There was strong online reaction to the news that the constituency of Roscommon/South Leitrim was the only one of 43 constituencies to vote against last weekend’s marriage referendum. With 51.4 percent of the electorate choosing to vote against the change to Article 41 of the Constitution, the area came under fire from those on social media and in particular the Twitterati.
Making the headlines over the weekend in particular was author Marian Keyes who tweeted “Tip?! I’ll give you a tip! Move to Roscommon/South Leitrim and pal around with your own kind #ofHatefilledBigots.” Ms Keyes uploaded her tweet at 9.20pm on Saturday night last but deleted the comment soon after before apologising. On Saturday afternoon she tweeted: “I’m so sorry for my tweet about Roscommon. I’m deeply ashamed of myself and I’m so sorry for the distress I’ve caused (to Yes and No voters)”. She also apologised to both Boyle native and Hollywood actor Chris O’Dowd and Roscommon/South Leitrim MEP Luke ‘Ming’ Flanagan. Mr Flanagan also took to Twitter to defend his constituency, condemning those who had tweeted unnecessary comments about the region. “To those on the Yes side putting the boot in on Roscommon. You are successfully pissing off thousands from the county who voted Yes. Not nice.”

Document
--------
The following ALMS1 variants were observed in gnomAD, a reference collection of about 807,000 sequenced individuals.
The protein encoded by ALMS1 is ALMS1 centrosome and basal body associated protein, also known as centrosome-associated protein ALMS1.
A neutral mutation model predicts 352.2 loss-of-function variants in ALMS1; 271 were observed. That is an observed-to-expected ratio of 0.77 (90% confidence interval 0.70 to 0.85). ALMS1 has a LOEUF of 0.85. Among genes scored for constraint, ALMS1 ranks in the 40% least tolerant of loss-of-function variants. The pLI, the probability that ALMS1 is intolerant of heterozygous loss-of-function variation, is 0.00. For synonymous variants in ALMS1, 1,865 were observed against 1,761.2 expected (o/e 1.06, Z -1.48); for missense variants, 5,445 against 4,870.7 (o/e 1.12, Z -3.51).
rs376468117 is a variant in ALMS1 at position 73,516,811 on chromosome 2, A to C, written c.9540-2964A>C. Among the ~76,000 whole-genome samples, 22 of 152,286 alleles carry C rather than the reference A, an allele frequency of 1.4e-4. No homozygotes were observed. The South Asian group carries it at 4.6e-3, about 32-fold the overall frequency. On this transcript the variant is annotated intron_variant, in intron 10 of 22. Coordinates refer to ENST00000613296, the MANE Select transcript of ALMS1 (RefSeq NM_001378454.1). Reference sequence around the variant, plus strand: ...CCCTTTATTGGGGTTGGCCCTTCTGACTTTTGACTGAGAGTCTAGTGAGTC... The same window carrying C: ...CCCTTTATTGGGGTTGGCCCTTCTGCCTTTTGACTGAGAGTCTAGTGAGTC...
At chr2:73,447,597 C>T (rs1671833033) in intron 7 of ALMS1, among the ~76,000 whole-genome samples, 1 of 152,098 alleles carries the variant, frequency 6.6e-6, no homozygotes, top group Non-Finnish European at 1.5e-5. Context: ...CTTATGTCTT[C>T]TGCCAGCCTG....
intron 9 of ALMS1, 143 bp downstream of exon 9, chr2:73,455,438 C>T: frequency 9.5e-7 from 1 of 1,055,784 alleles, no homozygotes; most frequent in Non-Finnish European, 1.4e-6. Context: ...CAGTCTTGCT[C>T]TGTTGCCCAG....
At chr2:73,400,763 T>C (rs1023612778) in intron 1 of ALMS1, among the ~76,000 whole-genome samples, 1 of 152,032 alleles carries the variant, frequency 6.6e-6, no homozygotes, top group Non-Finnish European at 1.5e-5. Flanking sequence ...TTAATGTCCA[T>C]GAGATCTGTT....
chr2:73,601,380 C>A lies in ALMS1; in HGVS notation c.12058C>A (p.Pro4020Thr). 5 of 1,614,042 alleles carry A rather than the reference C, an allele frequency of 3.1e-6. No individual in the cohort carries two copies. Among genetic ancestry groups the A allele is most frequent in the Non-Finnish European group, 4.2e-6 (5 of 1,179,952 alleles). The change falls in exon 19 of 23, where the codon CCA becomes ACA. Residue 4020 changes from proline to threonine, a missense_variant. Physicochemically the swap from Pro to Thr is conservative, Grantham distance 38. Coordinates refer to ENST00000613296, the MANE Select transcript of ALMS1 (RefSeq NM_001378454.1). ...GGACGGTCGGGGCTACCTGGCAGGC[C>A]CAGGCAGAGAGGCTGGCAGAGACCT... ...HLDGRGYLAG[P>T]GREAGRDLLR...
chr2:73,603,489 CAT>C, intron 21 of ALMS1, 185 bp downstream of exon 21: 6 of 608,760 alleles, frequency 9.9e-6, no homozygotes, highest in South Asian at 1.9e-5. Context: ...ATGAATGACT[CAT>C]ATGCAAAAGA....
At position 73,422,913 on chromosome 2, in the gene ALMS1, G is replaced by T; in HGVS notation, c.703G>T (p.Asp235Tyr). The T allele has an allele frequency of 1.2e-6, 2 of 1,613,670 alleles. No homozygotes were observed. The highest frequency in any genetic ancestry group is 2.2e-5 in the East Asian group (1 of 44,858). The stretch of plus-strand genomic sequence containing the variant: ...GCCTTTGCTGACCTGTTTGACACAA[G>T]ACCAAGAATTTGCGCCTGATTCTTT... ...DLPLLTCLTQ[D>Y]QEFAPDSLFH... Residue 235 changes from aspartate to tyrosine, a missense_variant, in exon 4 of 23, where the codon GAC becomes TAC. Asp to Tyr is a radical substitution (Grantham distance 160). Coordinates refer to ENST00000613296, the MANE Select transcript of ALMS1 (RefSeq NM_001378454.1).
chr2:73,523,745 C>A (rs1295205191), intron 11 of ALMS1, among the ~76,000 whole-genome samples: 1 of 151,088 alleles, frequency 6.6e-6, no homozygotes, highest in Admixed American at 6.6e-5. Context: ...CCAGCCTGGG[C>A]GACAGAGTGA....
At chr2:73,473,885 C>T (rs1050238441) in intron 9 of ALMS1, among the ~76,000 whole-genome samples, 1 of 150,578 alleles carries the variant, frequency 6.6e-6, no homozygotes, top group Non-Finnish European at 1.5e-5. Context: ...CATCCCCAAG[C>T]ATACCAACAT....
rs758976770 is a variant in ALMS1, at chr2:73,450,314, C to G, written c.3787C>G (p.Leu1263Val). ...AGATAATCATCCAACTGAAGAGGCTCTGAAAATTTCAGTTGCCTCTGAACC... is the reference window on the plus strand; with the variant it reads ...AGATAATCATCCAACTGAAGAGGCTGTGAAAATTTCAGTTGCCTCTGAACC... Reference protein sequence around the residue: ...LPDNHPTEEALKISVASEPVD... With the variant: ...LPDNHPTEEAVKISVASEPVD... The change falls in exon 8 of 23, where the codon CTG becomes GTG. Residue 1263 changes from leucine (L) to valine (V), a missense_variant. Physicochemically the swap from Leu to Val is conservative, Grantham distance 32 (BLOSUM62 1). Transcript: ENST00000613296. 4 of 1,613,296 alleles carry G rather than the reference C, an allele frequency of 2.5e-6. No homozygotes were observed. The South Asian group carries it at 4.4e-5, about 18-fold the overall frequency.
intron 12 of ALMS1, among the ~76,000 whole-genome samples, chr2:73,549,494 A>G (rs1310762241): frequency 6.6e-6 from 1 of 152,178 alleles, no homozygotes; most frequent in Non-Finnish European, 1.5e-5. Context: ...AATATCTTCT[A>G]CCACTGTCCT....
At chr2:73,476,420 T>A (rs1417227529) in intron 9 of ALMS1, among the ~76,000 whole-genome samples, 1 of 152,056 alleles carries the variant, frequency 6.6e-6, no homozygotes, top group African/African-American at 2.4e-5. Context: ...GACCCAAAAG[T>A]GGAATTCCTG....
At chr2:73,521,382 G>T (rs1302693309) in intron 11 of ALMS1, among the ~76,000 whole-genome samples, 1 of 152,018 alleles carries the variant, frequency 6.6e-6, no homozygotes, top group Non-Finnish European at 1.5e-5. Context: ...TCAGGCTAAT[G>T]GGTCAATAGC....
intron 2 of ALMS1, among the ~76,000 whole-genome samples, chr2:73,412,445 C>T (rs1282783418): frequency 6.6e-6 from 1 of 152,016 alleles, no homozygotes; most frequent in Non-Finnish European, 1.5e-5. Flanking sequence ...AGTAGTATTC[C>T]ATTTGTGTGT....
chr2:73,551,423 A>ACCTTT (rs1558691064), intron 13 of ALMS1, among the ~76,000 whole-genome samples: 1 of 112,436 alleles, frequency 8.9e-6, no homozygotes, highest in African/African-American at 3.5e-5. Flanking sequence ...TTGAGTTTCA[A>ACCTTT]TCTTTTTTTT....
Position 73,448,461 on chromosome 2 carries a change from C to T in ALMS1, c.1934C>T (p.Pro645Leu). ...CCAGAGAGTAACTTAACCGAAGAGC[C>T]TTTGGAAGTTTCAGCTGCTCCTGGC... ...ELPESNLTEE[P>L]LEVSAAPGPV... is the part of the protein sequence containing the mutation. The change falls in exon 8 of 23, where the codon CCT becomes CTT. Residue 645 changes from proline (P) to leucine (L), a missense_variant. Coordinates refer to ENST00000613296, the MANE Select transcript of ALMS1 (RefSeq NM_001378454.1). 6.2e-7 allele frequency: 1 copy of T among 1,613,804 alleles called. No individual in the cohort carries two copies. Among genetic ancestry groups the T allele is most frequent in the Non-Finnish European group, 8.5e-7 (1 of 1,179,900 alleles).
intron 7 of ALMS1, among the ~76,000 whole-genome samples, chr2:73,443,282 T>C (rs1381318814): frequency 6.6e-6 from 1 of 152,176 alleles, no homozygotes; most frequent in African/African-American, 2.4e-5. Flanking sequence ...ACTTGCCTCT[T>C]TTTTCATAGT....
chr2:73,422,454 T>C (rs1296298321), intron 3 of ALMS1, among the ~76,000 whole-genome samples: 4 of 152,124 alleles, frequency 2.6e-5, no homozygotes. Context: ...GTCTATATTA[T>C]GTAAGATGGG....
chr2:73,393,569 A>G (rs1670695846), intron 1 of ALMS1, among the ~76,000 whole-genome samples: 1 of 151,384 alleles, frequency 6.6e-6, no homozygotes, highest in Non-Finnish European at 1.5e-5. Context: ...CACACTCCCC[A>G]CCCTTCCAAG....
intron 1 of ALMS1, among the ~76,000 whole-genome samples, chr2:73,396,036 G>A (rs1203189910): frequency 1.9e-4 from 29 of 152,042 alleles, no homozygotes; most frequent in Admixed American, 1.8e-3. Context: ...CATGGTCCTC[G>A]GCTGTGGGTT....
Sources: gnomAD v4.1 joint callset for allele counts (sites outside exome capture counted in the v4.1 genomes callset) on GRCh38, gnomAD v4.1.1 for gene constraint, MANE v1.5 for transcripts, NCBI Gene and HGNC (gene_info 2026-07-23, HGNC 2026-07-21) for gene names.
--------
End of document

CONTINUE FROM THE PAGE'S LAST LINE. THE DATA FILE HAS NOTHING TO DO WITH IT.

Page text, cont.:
RTÉ 2FM presenter and Drumshanbo native Paddy McKenna posted a piece to his tumblr account in which he also defended the region’s decision. In an article entitled “In defence of Roscommon/South Leitrim”, McKenna reminded those reading that the No vote had won out by the slenderest of margins (51.4%).
He also asked those who were vilifying the constituency to consider the feelings of a population who had been “screwed over by government on issues like healthcare access, job creation and clean drinking water.” He noted: “These are not people who deserve that treatment. These are people who are mostly used to being forgotten about and not noticed.”
McKenna said that having canvassed voters’ opinions in the Roscommon/South Leitrim area in the run up to last Friday’s referendum, he noticed a disconnect with the Yes campaign which was something he said he had not encountered in Dublin, where he lives. He said: “Many rural people felt talked down to and alienated. They felt shouted at. They got left behind by the Yes campaign which is worth reflecting on.”
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